Hypnotic, the supernatural thriller starring Ben Affleck that opened on Friday, is Robert Rodriguez’s twenty-first movie. The lifelong Texan is more prolific than almost any of his ’90s indie-film contemporaries—Quentin Tarantino, whose Reservoir Dogs debuted about a year before Rodriguez’s El Mariachi, has only made ten!—and that’s including a five-year hiatus during which he ran his own cable network.
With such a body of work, it’s easy to identify certain elements that make a Robert Rodriguez movie. There’s often a lone avenging badass—El Mariachi, Machete, or Bruce Willis’s Detective Hartigan—wreaking havoc on a gloomy, noir-ish city (frequently in Mexico). There’s often a girl, or maybe a young woman, who’s talented on her own, important to our male protagonist, or both—see Alita: Battle Angel, From Dusk Till Dawn, Planet Terror, Sin City, and the Spy Kids franchise. The action will be exquisitely staged. Rodriguez will use a bunch of directorial tricks to make fifteen cents look like a dollar on screen. The music will be composed by someone whose last name is “Rodriguez,” the script won’t entirely hold together, and there’s a good chance Jeff Fahey will show up at some point. Given all that, Hypnotic is perhaps the most Robert Rodriguez movie of the filmmaker’s entire oeuvre.
The film, which was both shot in Austin (another common attribute of Rodriguez’s work, given that his studio is just up the block from the Mueller H-E-B) and set in the city (a relative rarity), stars Ben Affleck—channeling the divorced-dad/smoking-outside-Dunkin’ energy that he’s offered the paparazzi in recent years to good effect—as a police detective searching for his lost daughter. As he attempts this task, he learns of the existence of a type of person called a “hypnotic,” who has mind-control powers that extend well beyond telepathy. These are folks born with the ability to turn friends into enemies, force four strangers to rob a bank, or, crucially, to turn a random person at a park into a kidnapper. As Affleck’s Detective Rourke realizes that the man responsible for his daughter’s kidnapping (William Fichtner as the villainous Dellrayne) was pulling the strings from afar, he finds an ally in another hypnotic, Diana (Alice Braga). The two end up seeking the government agency that works with hypnotics as part of a journey that takes him from Austin down to Mexico and back, with action set pieces that recall Christopher Nolan and twists that attempt to earn the film’s Hitchcockian title.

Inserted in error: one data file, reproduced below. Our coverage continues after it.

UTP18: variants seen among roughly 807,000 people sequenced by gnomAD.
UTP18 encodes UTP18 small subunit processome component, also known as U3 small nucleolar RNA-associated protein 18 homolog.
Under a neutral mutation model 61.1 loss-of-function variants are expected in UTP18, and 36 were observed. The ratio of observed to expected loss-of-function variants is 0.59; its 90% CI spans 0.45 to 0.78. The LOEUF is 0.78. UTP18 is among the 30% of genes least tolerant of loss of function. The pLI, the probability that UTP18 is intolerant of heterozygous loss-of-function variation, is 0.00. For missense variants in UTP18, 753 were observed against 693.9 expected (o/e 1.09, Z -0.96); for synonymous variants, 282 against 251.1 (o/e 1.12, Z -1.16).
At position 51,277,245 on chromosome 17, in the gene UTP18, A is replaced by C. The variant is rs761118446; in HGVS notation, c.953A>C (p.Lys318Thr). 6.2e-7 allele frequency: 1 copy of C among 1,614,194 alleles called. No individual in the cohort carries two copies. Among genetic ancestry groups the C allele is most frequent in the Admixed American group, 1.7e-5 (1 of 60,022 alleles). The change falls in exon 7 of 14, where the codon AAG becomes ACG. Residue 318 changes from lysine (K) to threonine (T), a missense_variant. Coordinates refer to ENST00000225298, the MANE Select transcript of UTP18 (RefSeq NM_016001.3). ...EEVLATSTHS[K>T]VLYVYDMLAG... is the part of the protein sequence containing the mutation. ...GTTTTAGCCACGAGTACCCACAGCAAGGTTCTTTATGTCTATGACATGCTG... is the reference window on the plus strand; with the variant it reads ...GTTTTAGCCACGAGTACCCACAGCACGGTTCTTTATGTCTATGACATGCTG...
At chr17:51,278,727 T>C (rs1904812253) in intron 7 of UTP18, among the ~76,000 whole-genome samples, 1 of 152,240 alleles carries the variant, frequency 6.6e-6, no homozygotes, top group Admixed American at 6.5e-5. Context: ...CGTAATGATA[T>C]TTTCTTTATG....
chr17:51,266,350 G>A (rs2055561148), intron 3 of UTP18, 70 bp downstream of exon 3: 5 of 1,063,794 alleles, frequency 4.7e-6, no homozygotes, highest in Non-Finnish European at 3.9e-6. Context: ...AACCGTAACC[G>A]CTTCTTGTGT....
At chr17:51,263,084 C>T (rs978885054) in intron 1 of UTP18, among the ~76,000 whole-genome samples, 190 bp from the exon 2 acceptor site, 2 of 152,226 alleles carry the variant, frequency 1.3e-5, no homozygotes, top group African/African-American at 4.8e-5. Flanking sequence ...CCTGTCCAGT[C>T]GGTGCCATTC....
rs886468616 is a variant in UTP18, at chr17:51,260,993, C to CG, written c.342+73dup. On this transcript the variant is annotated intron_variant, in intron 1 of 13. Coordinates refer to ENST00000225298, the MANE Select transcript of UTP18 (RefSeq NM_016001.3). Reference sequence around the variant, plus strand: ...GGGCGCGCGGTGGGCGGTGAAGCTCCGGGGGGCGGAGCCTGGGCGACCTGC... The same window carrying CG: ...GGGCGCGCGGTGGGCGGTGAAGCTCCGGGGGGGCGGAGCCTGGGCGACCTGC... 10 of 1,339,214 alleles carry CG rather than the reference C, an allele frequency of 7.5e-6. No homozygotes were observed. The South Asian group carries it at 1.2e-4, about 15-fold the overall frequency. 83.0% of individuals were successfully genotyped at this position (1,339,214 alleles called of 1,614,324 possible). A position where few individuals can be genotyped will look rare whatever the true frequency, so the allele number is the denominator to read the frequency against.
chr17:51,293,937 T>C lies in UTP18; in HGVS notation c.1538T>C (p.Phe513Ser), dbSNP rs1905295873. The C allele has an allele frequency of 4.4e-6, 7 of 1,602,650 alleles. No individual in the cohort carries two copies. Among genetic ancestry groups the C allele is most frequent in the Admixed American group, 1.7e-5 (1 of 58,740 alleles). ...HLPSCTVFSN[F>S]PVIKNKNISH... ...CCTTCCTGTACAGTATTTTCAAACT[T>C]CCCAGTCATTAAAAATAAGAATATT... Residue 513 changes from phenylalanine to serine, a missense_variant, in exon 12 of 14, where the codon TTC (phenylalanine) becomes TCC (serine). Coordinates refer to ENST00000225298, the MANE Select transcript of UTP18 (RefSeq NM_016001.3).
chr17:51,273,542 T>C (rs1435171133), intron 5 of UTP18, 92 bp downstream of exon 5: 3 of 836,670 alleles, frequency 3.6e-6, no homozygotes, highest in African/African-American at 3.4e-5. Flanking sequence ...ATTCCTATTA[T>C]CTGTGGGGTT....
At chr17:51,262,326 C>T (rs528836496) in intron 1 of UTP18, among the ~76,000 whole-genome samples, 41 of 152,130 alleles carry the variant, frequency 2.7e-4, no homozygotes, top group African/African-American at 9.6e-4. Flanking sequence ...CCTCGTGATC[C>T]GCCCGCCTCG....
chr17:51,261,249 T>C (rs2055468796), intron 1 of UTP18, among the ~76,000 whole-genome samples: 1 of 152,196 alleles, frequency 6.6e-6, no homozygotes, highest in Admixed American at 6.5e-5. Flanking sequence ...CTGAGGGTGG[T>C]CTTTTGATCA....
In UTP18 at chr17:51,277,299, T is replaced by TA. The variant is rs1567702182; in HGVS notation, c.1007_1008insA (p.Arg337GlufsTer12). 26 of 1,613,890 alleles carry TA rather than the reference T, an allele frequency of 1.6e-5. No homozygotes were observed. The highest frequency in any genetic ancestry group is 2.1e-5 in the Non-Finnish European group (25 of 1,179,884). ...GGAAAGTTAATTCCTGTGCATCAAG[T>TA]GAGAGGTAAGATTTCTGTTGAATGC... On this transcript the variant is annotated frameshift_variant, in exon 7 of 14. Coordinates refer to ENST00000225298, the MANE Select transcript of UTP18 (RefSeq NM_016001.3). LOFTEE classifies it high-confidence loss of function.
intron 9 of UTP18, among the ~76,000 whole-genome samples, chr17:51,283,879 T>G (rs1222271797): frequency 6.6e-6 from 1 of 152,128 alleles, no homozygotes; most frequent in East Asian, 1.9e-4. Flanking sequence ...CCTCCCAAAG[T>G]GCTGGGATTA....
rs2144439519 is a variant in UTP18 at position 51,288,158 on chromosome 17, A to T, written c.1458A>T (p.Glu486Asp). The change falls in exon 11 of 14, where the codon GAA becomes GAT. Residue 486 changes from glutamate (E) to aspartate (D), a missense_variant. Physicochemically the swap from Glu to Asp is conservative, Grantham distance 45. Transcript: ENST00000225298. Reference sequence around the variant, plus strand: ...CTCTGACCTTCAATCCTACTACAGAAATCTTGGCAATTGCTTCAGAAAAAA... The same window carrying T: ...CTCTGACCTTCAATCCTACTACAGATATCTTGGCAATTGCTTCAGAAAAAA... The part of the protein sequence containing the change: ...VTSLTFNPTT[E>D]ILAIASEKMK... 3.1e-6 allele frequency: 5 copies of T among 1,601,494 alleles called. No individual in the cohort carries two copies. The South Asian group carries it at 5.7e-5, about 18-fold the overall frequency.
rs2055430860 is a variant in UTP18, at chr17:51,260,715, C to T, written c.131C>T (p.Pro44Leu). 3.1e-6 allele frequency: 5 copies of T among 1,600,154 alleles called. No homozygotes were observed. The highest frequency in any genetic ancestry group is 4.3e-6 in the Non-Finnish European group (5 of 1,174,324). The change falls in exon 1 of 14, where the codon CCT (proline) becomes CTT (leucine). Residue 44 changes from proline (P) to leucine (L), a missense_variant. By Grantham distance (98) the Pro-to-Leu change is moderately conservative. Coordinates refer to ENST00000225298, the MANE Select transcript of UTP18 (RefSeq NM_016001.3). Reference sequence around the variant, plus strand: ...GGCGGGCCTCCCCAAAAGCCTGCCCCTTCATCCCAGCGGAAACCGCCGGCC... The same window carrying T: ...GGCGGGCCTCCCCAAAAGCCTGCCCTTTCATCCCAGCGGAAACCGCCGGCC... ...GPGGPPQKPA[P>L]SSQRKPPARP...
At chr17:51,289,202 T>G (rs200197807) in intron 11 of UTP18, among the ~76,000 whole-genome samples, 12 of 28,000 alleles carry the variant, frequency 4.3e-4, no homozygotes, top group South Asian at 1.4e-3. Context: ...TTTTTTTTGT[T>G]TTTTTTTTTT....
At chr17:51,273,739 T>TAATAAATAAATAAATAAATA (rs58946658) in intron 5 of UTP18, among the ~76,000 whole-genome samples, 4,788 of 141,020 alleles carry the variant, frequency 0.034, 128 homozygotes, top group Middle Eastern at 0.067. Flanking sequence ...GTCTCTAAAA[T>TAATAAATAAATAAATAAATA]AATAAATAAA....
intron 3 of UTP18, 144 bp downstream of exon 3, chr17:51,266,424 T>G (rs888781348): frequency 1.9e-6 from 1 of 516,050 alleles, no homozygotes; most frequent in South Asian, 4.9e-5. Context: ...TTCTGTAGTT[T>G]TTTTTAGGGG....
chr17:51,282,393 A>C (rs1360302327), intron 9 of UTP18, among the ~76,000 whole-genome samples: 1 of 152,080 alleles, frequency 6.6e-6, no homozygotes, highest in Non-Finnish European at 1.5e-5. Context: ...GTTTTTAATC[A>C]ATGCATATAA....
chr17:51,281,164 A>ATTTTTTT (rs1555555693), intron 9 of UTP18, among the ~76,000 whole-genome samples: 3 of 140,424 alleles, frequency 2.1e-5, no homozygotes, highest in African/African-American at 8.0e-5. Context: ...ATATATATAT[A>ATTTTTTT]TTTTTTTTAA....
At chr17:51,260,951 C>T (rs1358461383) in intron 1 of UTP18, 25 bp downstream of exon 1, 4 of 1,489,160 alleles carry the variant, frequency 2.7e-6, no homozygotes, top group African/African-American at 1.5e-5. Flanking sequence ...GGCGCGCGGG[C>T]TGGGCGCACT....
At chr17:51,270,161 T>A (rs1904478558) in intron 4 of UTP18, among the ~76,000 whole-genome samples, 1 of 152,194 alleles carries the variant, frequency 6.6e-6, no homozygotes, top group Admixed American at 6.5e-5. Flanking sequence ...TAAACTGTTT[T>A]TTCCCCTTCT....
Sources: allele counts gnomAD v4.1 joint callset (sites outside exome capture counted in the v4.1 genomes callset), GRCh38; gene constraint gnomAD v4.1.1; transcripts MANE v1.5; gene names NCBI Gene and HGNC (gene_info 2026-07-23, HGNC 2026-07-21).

The film is also vintage Rodriguez in that many of its plot points seem downright convoluted. Dellrayne’s motive for the kidnapping is paper-thin, his plan to rob banks to steal from safety deposit boxes that he himself opened seems pointless, and all the American officials that Rourke and Diana need to find somehow live in the same city in Mexico. All of this makes little sense, but because of the twists in the film’s third act, Rodriguez recontextualizes what looks like sloppy storytelling into an integral part of the film’s narrative. This time, there’s a reason for all of those apparent plot holes—a classic bit of cinematic misdirection that makes Hypnotic more clever than the bad movie it appears to be for its first hour.
Finding ways to turn shortcomings into assets has always been one of Rodriguez’s defining features as a filmmaker. He shot El Mariachi on an initial budget of $7,000, so he made it look like he had access to crane shots by standing on a ladder, or like he had multiple cameras by filming snippets of the same scene from different angles. He helped pioneer digital filmmaking by building a huge green screen at his Troublemaker Studios to keep costs down. He gets access to bigger stars by offering them a chill, creative environment on sets that he often controls every detail of. (When actors aren’t filming, he sets up easels at the studio and offers the opportunity to paint, to keep the creativity flowing.)
With Hypnotic, he turns another one of his weaknesses into a strength. This time, it’s the fact that he’s often enamored of scenes and setpieces that don’t fit naturally into a cohesive narrative. There’s a reason Dellrayne is raiding those safety deposit boxes, and leading all of those cars outside the federal courthouse downtown to explode, even if it’s not clear at first (or second) glance. Turning narrative incoherence into a clue to the larger plot is the sort of creative problem-solving that made Rodriguez a star filmmaker in the first place, and audiences that don’t assume they’re smarter than the film will be rewarded for it. Hypnotic’s not a perfect movie, but it’s maybe the perfect example of a Robert Rodriguez movie—scrappy, weird, clever, with action sequences that are staged better than films with budgets three times its size. There’s a reason for his longevity as a filmmaker, and it’s on full display in Hypnotic.